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Eumi, and her friend, talked to us outside the White House about the plight of North Korean defectors. Photo: Antia Widaman

I promised these Korean women I would share their plea

As my wife Anita and I were taking photos outside the White House on Monday, we noticed several Korean women among the protesters.  Our eyes met and we exchanged pleasant smiles but we continued down the sidewalk, weaving in between tourists who maneuvered for the best selfie spot.

After we took a few photos ourselves, one of the women – Eumi – sought us out. She was there, carrying placards with her friend to draw attention to the 2,600 North Koreans who had fled to China and were being silently returned to North Koera’s despotic regime and unimaginable atrocities.

She described how after being repatriated, people’s money is seized, pregnant women are subjected to forced abortions, and their young children might even be killed. They are also sent to political prisoner camps, where they frequently perish from exhaustion, famine, or disease, or are executed under the guise of a minor crime.

“Those who possessed Bibles in China or attended church services are charged with espionage and singled out for some of the worst treatment,” she declared.

I was dimly able to recall reading something about the predicament of these people, and when I got back to the hotel scoured online news sources to corroborate her claims.

Eumi and the other female Korean protesters are part of a grassroots effort bringing attention to the issue. It it is coming to a head this week with the commemoration on Sunday, Sept. 25th of the 108th World Day of Migrants and Refugees. The event is a collaboration between political, religious, and human rights organizations around the globe.

The concern of Eumi and her friend is based on their Christian faith, she told us. They’re with the Esther Prayer Movement and are just two of the thousands of people praying and silently protesting at Chinese embassies in numerous nations as well as high-profile sites like the White House this week.

But, she said, it’s an uphill battle to get attention and to force governments to apply pressure on China.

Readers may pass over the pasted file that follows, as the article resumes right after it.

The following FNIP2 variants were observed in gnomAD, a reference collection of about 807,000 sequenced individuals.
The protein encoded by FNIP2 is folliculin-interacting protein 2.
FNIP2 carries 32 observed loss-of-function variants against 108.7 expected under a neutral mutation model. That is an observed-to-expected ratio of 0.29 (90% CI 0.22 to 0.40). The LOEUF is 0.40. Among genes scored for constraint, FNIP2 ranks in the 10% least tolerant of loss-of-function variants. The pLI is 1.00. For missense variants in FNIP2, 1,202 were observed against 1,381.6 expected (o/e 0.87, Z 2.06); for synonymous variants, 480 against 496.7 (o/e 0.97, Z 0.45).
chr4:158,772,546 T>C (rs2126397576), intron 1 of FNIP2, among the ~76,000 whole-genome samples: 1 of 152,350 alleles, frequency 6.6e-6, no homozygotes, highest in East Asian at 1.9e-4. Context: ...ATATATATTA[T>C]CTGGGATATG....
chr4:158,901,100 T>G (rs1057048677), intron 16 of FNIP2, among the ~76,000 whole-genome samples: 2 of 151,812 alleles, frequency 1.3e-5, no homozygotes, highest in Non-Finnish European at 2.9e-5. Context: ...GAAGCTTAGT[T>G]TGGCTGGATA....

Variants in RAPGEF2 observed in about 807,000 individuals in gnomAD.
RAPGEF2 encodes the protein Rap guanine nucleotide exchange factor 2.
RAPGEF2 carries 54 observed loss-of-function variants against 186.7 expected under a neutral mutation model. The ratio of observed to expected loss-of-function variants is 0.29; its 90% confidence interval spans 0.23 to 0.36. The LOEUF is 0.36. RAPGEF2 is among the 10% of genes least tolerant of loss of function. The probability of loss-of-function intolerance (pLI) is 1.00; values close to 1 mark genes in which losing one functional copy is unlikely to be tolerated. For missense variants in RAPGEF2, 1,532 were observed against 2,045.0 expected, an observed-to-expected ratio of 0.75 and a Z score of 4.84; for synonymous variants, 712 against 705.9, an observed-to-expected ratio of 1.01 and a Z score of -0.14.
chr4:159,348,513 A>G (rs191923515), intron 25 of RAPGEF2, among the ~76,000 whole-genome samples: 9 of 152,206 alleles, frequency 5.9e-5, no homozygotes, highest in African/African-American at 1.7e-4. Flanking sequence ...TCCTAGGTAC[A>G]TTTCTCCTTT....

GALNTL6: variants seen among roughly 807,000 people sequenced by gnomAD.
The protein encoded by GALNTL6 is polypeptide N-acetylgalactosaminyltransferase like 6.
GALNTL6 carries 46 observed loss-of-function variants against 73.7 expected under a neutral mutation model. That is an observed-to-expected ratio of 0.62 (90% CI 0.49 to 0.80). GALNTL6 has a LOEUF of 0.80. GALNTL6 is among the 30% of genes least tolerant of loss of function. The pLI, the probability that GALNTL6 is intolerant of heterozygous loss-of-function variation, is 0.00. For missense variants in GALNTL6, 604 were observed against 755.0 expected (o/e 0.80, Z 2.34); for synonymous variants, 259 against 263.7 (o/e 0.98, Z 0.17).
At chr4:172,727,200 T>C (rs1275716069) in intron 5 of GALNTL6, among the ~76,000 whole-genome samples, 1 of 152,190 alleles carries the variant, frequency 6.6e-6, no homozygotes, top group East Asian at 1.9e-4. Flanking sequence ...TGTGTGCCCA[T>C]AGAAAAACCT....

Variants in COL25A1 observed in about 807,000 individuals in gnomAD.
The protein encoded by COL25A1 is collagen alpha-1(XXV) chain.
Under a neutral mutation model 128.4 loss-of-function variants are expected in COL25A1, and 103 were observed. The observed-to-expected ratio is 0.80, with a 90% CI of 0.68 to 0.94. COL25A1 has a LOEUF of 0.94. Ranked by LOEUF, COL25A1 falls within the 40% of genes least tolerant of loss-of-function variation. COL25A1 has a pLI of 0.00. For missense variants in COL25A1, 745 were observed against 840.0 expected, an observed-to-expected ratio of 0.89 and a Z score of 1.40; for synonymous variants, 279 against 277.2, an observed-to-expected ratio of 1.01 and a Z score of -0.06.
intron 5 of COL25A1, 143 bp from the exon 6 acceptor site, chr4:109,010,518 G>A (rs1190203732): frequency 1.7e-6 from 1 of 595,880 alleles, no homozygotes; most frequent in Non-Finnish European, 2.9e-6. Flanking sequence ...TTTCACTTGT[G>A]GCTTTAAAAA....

The Asian Games, which will begin on September 23 in Hangzhou, China, will bring money and prestige to the communist nation. It’s similar world’s decision to remain silent while ethnic Yuighurs were being subjected to genocide during the 2022 Beijing Winter Olympics.  According to Eumi, this is another horror being ignored by the world.

The two women were happy when we engaged them and their cause. They asked us to help spread the word of the Korean defectors, many of whom are Christians.

The protesters have been making progress this year. Human rights advocates and former government officials accuse Beijing of breaking both Chinese and international laws through these repatriations.

U.S. Representative Chris Smith

The Congressional Executive Commission on China (CECC), headed by U.S. Representative Chris Smith, claims that these North Korean defectors are being kept at the Chinese border “awaiting imminent forced repatriation” by a government that has refused to offer them protection.

Smith confirmed the reports of what was awaiting the individuals upon their return during a June hearing.

China’s actions are in contradiction to it being a signatory to the 1951 Refugee Convention and its 1967 Protocol as well as the U.N. Convention Against Torture, according to Ethan Hee-seok Shin, a legal analyst with the Transitional Justice Working Group in Seoul.

In a statement provided for the Congressional-Executive Commission on China Hearing on North Korean Refugees and the Imminent Danger of Forced Repatriation from China, Shin said that Beijing has even disregarded Article 32 of its own constitution, which states that China “may grant asylum to foreigners who request it on political grounds.”

The CECC claims Beijing preventing the organization from contacting North Korean refugees and checking on their status.

Liu Pengyu is spokesperson for the Chinese Embassy in Washington and claims that anti-China forces are “fabricating information and making careless comments and accusations about China’s social system and the pertinent policies,” he stated. “Its language is filled with prejudice and stupidity.”

Robert R. King, a senior adviser and former Special Envoy for North Korean human rights issues with the U.S. Department of State from 2009 to 2017, says China’s claims are ludicrous. He testified at the same June CECC hearing.

“For Koreans who want to leave North Korea, the easiest and safest route out of the North is through China, though this route can only be considered “easy” and “safe” relative to other more dangerous and risky escape options,” he stated.

The world needs to exert more pressure on China, according to King, to prevent Beijing from “returning North Koreans to certain punishment and in far too many cases certain death.”

Eumi’s conversation turned to prayer as she stood with us in the late afternoon sun, the White House fountain sparkling in the background. She put her hand on Anita’s elbow, “Can you help us spread the word and ask for the prayers of believers?” It wasn’t a casual remark; rather, it was a pleading from deep in her soul.

“Time is running out” she said.

On Sept. 18, China rejected South Korea’s demand to stop the repatriation of the defectors.

If you would like to contact your Representative in Washington, call the Capitol. A U.S. Capitol Switchboard operator can also connect you directly with the Senate office: 202-224-3121.

–Dwight Widaman is editor of Metrovoicenews.com.

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